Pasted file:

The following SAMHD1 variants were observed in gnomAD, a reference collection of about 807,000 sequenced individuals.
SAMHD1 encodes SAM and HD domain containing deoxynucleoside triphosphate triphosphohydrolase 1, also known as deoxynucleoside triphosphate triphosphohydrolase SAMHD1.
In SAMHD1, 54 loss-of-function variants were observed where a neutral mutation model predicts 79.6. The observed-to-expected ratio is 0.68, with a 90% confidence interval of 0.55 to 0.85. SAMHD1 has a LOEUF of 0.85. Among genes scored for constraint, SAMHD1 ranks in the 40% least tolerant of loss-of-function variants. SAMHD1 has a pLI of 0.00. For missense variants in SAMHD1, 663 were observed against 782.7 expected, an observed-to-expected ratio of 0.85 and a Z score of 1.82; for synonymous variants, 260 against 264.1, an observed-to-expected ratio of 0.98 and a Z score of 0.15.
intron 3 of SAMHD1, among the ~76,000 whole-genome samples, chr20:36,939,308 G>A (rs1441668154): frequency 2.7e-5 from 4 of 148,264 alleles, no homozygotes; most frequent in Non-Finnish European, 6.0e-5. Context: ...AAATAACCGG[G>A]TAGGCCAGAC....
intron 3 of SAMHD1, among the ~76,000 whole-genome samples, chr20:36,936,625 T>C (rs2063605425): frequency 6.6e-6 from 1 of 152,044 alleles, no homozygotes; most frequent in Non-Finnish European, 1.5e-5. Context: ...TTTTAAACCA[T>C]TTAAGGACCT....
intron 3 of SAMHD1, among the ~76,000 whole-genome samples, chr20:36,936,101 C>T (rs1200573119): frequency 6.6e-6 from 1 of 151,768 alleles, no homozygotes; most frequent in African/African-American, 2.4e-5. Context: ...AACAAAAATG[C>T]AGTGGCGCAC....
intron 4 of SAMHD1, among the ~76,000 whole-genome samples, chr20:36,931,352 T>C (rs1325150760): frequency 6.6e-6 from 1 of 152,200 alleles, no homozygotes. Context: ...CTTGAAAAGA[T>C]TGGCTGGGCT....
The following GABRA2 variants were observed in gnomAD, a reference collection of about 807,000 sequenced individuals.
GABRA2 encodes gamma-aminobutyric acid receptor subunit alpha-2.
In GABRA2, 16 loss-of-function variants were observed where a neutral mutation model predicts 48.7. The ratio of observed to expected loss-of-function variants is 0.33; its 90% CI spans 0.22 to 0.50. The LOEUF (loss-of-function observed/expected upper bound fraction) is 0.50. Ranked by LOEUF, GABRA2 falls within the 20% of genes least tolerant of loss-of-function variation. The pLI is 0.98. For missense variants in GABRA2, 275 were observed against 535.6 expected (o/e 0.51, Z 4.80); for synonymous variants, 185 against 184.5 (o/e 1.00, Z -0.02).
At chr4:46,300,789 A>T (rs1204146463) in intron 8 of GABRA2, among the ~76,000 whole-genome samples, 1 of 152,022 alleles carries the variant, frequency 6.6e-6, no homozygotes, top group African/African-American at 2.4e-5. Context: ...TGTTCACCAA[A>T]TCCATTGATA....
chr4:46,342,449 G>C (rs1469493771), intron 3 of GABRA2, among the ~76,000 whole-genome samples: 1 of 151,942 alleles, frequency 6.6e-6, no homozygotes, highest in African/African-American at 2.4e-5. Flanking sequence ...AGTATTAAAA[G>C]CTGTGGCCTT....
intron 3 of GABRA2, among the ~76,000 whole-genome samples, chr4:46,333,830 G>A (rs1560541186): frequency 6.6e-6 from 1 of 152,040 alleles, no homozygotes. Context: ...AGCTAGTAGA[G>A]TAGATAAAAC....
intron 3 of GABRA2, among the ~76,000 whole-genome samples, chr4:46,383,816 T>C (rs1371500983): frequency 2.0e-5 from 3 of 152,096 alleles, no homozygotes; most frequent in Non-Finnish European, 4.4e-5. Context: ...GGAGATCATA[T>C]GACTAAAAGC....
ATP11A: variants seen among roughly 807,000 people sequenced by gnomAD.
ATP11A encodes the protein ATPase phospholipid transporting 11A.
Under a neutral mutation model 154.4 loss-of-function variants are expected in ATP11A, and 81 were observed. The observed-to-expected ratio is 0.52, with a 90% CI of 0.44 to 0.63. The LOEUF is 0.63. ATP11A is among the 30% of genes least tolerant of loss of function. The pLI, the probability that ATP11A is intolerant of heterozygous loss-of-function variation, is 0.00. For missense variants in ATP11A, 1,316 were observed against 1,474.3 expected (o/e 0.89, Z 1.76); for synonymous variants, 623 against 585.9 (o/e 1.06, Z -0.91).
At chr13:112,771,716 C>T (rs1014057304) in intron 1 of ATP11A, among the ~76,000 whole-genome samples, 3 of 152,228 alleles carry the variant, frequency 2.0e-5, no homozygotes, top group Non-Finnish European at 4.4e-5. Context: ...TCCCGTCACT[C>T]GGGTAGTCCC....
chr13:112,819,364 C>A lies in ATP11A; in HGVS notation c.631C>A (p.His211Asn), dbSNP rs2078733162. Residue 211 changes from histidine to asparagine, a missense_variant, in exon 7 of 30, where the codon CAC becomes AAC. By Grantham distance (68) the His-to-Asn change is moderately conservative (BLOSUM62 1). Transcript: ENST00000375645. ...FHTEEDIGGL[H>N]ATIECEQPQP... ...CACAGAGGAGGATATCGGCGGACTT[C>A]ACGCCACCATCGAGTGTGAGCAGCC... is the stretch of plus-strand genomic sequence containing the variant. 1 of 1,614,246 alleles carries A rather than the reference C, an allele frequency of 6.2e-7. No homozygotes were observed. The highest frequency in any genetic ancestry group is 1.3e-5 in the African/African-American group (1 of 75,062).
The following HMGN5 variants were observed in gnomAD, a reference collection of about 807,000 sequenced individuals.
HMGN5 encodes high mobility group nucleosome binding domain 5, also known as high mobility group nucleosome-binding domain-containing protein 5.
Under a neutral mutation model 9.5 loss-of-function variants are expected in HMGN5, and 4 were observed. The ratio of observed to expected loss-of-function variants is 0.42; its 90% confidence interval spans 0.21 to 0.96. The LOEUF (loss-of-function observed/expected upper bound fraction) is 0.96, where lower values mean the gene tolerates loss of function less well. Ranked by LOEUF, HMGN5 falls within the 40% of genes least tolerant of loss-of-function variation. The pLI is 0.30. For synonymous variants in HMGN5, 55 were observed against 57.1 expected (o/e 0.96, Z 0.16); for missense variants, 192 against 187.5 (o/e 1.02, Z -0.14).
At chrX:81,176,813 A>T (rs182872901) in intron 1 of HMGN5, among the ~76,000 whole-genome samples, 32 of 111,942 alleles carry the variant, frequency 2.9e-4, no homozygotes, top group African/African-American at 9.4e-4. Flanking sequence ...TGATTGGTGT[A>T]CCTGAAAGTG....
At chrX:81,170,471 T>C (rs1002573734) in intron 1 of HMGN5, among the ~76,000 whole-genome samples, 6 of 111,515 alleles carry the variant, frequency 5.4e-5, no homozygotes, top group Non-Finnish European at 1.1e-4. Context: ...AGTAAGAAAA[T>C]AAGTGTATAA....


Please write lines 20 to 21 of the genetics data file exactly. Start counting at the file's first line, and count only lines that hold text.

The following HMGN5 variants were observed in gnomAD, a reference collection of about 807,000 sequenced individuals.
HMGN5 encodes high mobility group nucleosome binding domain 5, also known as high mobility group nucleosome-binding domain-containing protein 5.